|   |   |   |   |   If Range("F" & J).Value = T Then
|   |   |   |   |   |   match_txt = T
|   |   |   |   |   |   If Not Range("G" & I).Value = T Then
|   |   |   |   |   |   |   Range("F" & I).Value = match_txt
|   |   |   |   |   |   |   Exit For
|   |   |   |   |   |   End If
|   |   |   |   |   End If
|   |   |   |   Next J
|   |   |   Next T
|   |   End If
|   Next I
|
End Sub


Much easier to follow, isn't it?

# Meaningful Names.

Next thing I would address is the naming. Improving code where you have to quadruple-check every change you make because you're not sure you're changing the right thing is just not efficient. Using meaningful names for all identifiers fixes that.

Starting with the method's name itself:

Sub arraycolumnmatch()


Typically, VBA (VB in general) method names are PascalCase, for better readability. That would make it ArrayColumnMatch - but good method/procedure names should also start with a verb. What's this method doing exactly? should be answerable by simply looking at it's name.

The problem is, the method in question is doing too many things, so giving it a meaningful name is hard. But I'll get back to that.

Avoid chopping off identifers, like typ when you meant type - but then Type is a reserved keyword.. the solution isn't to make it less readable! I'm not sure which worksheet Range is referring to because Range is an implicit reference to Application.ActiveSheet (and that's very bug-prone!), so I'll just assume you meant to call it documentType.

txt is another meaningless name (heck, people use that as a prefix for TextBox controls!): it stands for that manual entry field you're trying to parse, right? How about targetFieldValue, or manualTextField?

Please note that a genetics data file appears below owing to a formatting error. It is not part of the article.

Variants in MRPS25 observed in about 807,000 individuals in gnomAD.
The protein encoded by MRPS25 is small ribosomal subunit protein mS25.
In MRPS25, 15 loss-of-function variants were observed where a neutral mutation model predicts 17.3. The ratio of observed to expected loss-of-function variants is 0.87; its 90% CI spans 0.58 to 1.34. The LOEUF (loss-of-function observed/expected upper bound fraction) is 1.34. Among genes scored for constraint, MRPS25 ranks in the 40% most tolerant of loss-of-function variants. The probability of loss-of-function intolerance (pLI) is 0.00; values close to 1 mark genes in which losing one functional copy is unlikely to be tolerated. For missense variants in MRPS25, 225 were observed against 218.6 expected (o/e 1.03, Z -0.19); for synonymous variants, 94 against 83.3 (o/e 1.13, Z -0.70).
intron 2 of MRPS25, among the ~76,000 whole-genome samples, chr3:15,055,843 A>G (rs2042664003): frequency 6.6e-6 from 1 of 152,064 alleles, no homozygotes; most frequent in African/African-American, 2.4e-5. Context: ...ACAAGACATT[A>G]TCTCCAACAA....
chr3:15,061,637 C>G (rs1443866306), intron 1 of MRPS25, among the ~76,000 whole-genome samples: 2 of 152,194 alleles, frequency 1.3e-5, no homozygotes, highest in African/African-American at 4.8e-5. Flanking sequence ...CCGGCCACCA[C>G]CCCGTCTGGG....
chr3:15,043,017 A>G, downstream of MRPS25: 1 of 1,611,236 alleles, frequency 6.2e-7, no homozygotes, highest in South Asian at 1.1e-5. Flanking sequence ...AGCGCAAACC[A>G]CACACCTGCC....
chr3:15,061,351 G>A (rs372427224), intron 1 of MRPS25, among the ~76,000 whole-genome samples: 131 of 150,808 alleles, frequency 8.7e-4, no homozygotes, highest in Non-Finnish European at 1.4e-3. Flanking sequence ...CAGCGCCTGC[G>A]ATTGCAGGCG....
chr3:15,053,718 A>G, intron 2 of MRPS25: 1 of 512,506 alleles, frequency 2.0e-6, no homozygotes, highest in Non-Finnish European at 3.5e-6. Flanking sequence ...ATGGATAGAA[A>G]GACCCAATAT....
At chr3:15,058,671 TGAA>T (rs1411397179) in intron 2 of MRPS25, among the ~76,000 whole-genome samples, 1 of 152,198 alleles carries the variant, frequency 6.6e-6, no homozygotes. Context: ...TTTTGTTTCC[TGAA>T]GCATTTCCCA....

Also avoid single-letter identifiers, like T - assuming txt is manualTextField, I'd go with manualTextFieldValue.

Local variables are typically named in camelCase, so I and J would be i and j - those are typically used for iterating loops as you're doing, so I'm not going to complain about those, except both loops seem to be iterating the very same rows on the active sheet (whatever that is), and they're nested, too... and since they're row numbers I'd typically name them xlRow[WhatItsFor].

# Undeclared Identifiers

Always, systematically, consistently, automatically, thoughtlessly stick Option Explicit at the top of every VBA module. Don't question it, just do it: without it, you can have a bug by simply having a little typo in an identifier name. With it, your VBA code will refuse to compile and run if an identifier isn't declared anywhere. Use it. Always.

If match_txt is declared outside the scope of the procedure, then move the declaration inside that scope - it doesn't need to be at module scope. Always declare variables at the smallest possible scope; globals are evil.

# vbNullString

A very minor point, but I have to mention it.

If typ = "" Then


Avoid using an empty string "" to mean no value. VBA defines the constant vbNullString specifically for that. And why should you bother typing vbNullString when "" does the same thing?

That's the thing. It doesn't do the same thing. "" is a full-fledged String value that needs its own allocated memory space. vbNullString is a null string pointer that's not allocated anywhere. Of course it's a very minor performance hit to allocate that string, but semantically, vbNullString is the right thing to do.

Don't believe me? Try this in the immediate pane (Ctrl+G):

?"Address for empty string: " & StrPtr("") & vbNewLine & "Address for vbNullString: " & StrPtr(vbNullString)


I get this output:

Address for empty string: 241665720


There's some kind of optimization going on under the hood though, so the pointer for "" will be reused every time it's encountered in your application's lifetime - as I said it's a very minor point. But just as you wouldn't declare an unused variable, you shouldn't allocate a memory address for a built-in constant value.

# Twin Loops

You have this:

For Each T In txtArray


And then a few lines further, you have that: